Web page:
You can import only a single movie file into a project, and you can’t edit the movie or change its playback speed in Logic. When you import a movie into a project, the movie is always synchronized with the project.

Choosing Synchronization Settings

When you’re working with movies, time is expressed in SMPTE time code format. The SMPTE time code takes its name from the Society of Motion Picture and Television Engineers, the association that developed a time code format for synchronizing devices used to play movies and audio. The SMPTE time code is displayed as hours, minutes, seconds, frames, and (sometimes) subframes.

QuickTime movie files do not have time code data embedded in them. Before you can work on your project, you have to choose the correct synchronization settings to ensure that the time code you are reading in Logic reflects the frame rate of your movie and that it is the same code everyone involved in the production is using.

  1. Look at the Transport bar.

    The top line of the display on the left shows the current playhead position in SMPTE units. The bottom line displays the playhead position in Logic’s familiar bar, beat, division, and tick format.

    Choosing Synchronization Settings

    Since QuickTime movie files do not have embedded time code data, it is preferable whenever possible to use movie files that have burned-in time code (BITC), a visible time code superimposed onto each frame of the movie, or a 2-pop, which is a one-frame long 1 kHz tone recorded in the soundtrack at 00:59:58:00 (2 seconds before the start of the program) and usually accompanied by a flash-frame.

    For this exercise, assume that the movie production team told you that the first frame of the video file is at 01:00:00:00, and the first visual frames start slowly fading in 4 seconds into the movie, at 01:00:04:00.

    More Info

    A number of devices do not support negative SMPTE time code, so it is common to use 01:00:00:00 (1 hour) or 10:00:00:00 (10 hours) as the time code for the first frame of a movie file. In so doing, SMPTE time code can still be used to allow extra material such as movie titles and credits to be added before the first frame.

  2. Click the Stop button (or press 0, or Return on a laptop).

    The playhead moves to the beginning of the project. The playhead position is 1 1 1 1 (the first beat of the first bar) and 01:00:00:00.00 (exactly one hour) in SMPTE time code.

    Your movie starts at the correct time code, but you still need to choose the correct frame rate to make sure Logic displays an accurate SMPTE time code. Different film and video formats have various frame rates: film is shot at 24 frames per second, the PAL video format (used in Europe) plays at 25 frames per second, and the NTSC video format plays 29.97 frames per second. The video file used in this lesson was shot on film, so it plays at 24 frames per second, the standard film frame rate.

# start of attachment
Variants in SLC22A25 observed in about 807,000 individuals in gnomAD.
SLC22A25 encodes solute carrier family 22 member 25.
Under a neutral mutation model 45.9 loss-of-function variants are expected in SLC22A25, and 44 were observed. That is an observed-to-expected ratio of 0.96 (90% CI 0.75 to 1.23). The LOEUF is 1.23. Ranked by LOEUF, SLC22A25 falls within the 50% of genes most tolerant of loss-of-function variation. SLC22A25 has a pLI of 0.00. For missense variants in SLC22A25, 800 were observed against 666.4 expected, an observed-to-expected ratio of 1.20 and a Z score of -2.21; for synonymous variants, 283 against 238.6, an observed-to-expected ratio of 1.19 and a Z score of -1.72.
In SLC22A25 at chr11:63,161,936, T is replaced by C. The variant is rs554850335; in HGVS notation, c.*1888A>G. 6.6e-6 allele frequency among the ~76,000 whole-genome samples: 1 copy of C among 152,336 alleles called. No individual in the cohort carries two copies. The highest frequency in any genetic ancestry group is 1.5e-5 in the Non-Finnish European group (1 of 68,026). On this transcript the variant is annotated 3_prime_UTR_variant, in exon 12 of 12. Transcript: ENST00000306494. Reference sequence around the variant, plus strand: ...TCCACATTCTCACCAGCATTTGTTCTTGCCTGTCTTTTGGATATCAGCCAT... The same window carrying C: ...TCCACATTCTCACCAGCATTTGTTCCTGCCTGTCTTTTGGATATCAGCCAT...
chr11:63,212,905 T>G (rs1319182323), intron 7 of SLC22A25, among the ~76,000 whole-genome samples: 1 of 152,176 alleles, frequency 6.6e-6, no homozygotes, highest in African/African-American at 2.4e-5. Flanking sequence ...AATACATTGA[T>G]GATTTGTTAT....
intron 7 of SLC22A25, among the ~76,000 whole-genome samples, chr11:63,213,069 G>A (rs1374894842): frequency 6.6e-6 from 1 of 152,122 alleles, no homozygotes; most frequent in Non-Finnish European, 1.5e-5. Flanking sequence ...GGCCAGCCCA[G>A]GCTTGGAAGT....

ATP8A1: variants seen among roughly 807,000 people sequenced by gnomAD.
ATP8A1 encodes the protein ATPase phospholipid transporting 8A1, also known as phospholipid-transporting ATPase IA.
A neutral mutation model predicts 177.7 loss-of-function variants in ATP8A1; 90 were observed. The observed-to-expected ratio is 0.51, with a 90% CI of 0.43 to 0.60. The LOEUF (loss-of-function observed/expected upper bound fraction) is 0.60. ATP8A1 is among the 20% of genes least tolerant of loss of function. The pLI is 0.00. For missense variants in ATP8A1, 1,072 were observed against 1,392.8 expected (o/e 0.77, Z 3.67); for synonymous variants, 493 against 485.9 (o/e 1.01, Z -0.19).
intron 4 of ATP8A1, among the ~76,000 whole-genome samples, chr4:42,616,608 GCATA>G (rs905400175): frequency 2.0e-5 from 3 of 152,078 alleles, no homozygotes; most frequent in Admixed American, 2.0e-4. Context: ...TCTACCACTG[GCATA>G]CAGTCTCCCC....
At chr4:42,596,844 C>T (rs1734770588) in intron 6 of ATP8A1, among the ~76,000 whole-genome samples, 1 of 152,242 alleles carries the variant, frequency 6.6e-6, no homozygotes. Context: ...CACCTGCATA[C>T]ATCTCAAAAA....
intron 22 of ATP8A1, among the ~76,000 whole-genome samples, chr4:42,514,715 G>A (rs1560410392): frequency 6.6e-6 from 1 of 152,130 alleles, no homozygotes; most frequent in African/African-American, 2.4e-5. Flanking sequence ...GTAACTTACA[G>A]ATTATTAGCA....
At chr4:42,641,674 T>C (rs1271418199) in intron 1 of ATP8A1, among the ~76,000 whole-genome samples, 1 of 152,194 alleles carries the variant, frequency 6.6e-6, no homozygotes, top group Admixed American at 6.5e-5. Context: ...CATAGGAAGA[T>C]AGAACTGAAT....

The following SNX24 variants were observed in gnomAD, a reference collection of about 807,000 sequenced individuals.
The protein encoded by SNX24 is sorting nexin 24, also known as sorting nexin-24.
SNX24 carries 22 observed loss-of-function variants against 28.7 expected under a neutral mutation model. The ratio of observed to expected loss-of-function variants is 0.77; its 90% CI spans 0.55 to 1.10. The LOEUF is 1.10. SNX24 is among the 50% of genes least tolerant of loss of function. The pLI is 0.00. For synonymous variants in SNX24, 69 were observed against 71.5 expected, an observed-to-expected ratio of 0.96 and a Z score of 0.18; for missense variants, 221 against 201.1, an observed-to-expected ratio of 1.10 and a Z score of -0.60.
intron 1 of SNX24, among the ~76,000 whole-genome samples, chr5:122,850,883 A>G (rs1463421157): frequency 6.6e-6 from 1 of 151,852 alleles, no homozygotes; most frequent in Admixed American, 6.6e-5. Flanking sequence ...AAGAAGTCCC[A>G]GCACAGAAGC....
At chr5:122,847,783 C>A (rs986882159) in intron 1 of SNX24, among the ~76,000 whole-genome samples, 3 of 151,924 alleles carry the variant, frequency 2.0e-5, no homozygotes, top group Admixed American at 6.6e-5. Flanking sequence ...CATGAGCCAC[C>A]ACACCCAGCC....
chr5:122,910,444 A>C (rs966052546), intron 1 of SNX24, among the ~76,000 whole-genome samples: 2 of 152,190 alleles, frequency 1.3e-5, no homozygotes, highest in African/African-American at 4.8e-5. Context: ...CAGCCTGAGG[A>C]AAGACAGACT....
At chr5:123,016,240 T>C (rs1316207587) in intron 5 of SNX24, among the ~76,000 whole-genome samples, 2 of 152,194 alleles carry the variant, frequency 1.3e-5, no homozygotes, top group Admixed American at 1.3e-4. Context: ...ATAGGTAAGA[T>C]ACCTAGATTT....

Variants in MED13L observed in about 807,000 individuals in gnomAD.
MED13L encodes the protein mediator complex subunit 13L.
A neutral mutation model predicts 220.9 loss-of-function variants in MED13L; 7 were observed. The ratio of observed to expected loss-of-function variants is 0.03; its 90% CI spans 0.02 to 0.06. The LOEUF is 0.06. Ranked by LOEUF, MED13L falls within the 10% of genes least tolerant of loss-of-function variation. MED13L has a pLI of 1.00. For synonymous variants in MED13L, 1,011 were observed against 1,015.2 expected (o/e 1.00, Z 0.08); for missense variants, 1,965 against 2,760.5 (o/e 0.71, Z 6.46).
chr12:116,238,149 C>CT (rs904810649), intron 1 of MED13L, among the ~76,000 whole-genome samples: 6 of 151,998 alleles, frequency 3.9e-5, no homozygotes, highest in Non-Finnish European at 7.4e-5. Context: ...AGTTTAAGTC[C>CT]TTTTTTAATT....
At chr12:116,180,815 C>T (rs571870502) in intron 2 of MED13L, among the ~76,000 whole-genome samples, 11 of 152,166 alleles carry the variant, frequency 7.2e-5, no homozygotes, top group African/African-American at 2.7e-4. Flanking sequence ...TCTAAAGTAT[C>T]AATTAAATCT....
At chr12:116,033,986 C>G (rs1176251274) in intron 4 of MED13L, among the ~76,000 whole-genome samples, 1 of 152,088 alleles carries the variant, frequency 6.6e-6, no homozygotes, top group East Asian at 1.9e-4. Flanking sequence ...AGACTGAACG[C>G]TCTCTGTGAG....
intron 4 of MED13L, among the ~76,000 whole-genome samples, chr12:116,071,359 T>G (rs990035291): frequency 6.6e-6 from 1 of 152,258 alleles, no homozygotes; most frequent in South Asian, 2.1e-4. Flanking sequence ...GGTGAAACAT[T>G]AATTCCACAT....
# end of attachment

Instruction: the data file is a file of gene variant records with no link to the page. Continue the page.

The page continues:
3. In the Toolbar, click the Settings button and choose Synchronization.

    The Synchronization Project Settings window opens.

  4. Click the Frame Rate pop-up menu and choose 24.

    More Info

    You now have the correct synchronization settings, ensuring that you will see the proper SMPTE time code in your project. Keep the Project Settings window open, as you will need it throughout this exercise and the next.

    When working with SMPTE time code, you can switch between a Bar ruler, a SMPTE time ruler, or a combination of both.

  5. At the right of the Bar ruler, click the note icon and choose Time and Bar.

    More Info

    Choosing Time and Bar displays both the SMPTE ruler and the Bar ruler, but displays the SMPTE ruler below the Bar ruler, and the grid in the Arrange area now shows SMPTE time positions.

    More Info
  6. Play the beginning of the project.

    For the first four seconds, the movie contains only black frames, and you will start writing music at 01:00:04:00.00 (1 hour, 0 minutes, 4 seconds). Let’s adjust the synchronization settings so the first bar of the project plays at that time code, when you start seeing the first visual frames fade in. At the bottom of the Synchronization Project Settings window, two displays allow you to adjust which bar position plays at which SMPTE time code.

  7. Leave Bar Position on 1 1 1 1, and in the “plays at SMPTE” field, drag the seconds digit to 04 so the value reads 01:00:04:00.00.

    More Info

    In the Video track, the movie moves toward the right.

  8. Click the Stop button (or press 0).

    The playhead moves to the beginning of the project.

    In the Transport bar, the playhead position is shown as 01:00:04:00.00 in SMPTE units, and 1 1 1 1 in bars and beats.

  9. Start playback.

    The movie starts four seconds after the first frame of the movie file, and you no longer see the four seconds of black frames.

    Finally, you need to set the project’s sample rate to 48 kHz, which is usually the sample rate of choice when working for picture.

  10. At the top of the Project Settings window, click the Audio button to access your Audio project settings.

  11. Click the Sample Rate pop-up menu and choose 48.000 kHz.

    More Info

    You can adjust the time code of the first frame in the video file in your Video project settings.

  12. At the top of the Project Settings window, click the Video button to access the Video project settings.

    More Info

    The Movie Start field allows you to adjust the SMPTE time code of the first movie frame. In this exercise, the first movie frame is at the one hour time code, so leave it at the default 01:00:00:00.00 setting.

    Keep the Video Project Settings window open, as you will need it in the next exercise.

Your project is now configured with the correct SMPTE time code, frame rate, and sample rate, and you have adjusted the position of the start of the movie to start writing music at the desired position in the movie.